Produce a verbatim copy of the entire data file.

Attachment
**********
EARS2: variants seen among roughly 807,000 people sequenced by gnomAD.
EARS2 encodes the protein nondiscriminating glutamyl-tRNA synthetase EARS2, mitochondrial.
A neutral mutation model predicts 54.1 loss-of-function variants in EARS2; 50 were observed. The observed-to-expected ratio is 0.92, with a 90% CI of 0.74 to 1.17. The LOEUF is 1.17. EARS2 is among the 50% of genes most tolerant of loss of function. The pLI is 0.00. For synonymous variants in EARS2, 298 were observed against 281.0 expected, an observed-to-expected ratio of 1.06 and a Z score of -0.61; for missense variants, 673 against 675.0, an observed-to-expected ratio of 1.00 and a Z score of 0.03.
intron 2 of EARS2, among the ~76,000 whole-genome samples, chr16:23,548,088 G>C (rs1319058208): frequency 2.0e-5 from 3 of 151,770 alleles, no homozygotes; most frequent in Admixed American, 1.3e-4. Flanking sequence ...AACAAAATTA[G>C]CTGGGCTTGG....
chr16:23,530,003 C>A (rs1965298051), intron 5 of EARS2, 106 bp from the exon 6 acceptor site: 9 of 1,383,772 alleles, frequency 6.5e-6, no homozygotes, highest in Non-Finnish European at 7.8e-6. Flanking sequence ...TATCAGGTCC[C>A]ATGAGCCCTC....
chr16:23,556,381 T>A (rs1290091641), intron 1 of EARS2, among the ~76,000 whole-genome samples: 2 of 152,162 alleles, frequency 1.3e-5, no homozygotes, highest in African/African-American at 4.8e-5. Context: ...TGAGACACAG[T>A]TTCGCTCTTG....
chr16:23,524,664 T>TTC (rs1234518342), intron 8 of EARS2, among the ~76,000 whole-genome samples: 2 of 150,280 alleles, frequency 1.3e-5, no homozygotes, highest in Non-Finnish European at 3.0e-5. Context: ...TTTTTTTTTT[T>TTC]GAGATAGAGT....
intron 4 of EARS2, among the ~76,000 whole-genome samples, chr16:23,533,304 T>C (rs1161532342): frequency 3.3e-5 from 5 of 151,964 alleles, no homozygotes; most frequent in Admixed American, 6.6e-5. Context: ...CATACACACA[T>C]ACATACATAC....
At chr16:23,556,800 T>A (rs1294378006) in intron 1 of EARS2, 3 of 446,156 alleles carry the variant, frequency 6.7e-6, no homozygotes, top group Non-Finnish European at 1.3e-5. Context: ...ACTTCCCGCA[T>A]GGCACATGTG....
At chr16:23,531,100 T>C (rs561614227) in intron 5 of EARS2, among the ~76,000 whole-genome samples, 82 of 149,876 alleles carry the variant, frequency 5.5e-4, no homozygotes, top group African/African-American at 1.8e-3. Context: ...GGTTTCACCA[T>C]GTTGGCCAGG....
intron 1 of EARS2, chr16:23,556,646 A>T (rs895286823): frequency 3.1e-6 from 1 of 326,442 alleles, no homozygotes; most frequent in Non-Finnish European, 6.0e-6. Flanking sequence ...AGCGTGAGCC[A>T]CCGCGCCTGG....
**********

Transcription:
EARS2: variants seen among roughly 807,000 people sequenced by gnomAD.
EARS2 encodes the protein nondiscriminating glutamyl-tRNA synthetase EARS2, mitochondrial.
A neutral mutation model predicts 54.1 loss-of-function variants in EARS2; 50 were observed. The observed-to-expected ratio is 0.92, with a 90% CI of 0.74 to 1.17. The LOEUF is 1.17. EARS2 is among the 50% of genes most tolerant of loss of function. The pLI is 0.00. For synonymous variants in EARS2, 298 were observed against 281.0 expected, an observed-to-expected ratio of 1.06 and a Z score of -0.61; for missense variants, 673 against 675.0, an observed-to-expected ratio of 1.00 and a Z score of 0.03.
intron 2 of EARS2, among the ~76,000 whole-genome samples, chr16:23,548,088 G>C (rs1319058208): frequency 2.0e-5 from 3 of 151,770 alleles, no homozygotes; most frequent in Admixed American, 1.3e-4. Flanking sequence ...AACAAAATTA[G>C]CTGGGCTTGG....
chr16:23,530,003 C>A (rs1965298051), intron 5 of EARS2, 106 bp from the exon 6 acceptor site: 9 of 1,383,772 alleles, frequency 6.5e-6, no homozygotes, highest in Non-Finnish European at 7.8e-6. Flanking sequence ...TATCAGGTCC[C>A]ATGAGCCCTC....
chr16:23,556,381 T>A (rs1290091641), intron 1 of EARS2, among the ~76,000 whole-genome samples: 2 of 152,162 alleles, frequency 1.3e-5, no homozygotes, highest in African/African-American at 4.8e-5. Context: ...TGAGACACAG[T>A]TTCGCTCTTG....
chr16:23,524,664 T>TTC (rs1234518342), intron 8 of EARS2, among the ~76,000 whole-genome samples: 2 of 150,280 alleles, frequency 1.3e-5, no homozygotes, highest in Non-Finnish European at 3.0e-5. Context: ...TTTTTTTTTT[T>TTC]GAGATAGAGT....
intron 4 of EARS2, among the ~76,000 whole-genome samples, chr16:23,533,304 T>C (rs1161532342): frequency 3.3e-5 from 5 of 151,964 alleles, no homozygotes; most frequent in Admixed American, 6.6e-5. Context: ...CATACACACA[T>C]ACATACATAC....
At chr16:23,556,800 T>A (rs1294378006) in intron 1 of EARS2, 3 of 446,156 alleles carry the variant, frequency 6.7e-6, no homozygotes, top group Non-Finnish European at 1.3e-5. Context: ...ACTTCCCGCA[T>A]GGCACATGTG....
At chr16:23,531,100 T>C (rs561614227) in intron 5 of EARS2, among the ~76,000 whole-genome samples, 82 of 149,876 alleles carry the variant, frequency 5.5e-4, no homozygotes, top group African/African-American at 1.8e-3. Context: ...GGTTTCACCA[T>C]GTTGGCCAGG....
intron 1 of EARS2, chr16:23,556,646 A>T (rs895286823): frequency 3.1e-6 from 1 of 326,442 alleles, no homozygotes; most frequent in Non-Finnish European, 6.0e-6. Flanking sequence ...AGCGTGAGCC[A>T]CCGCGCCTGG....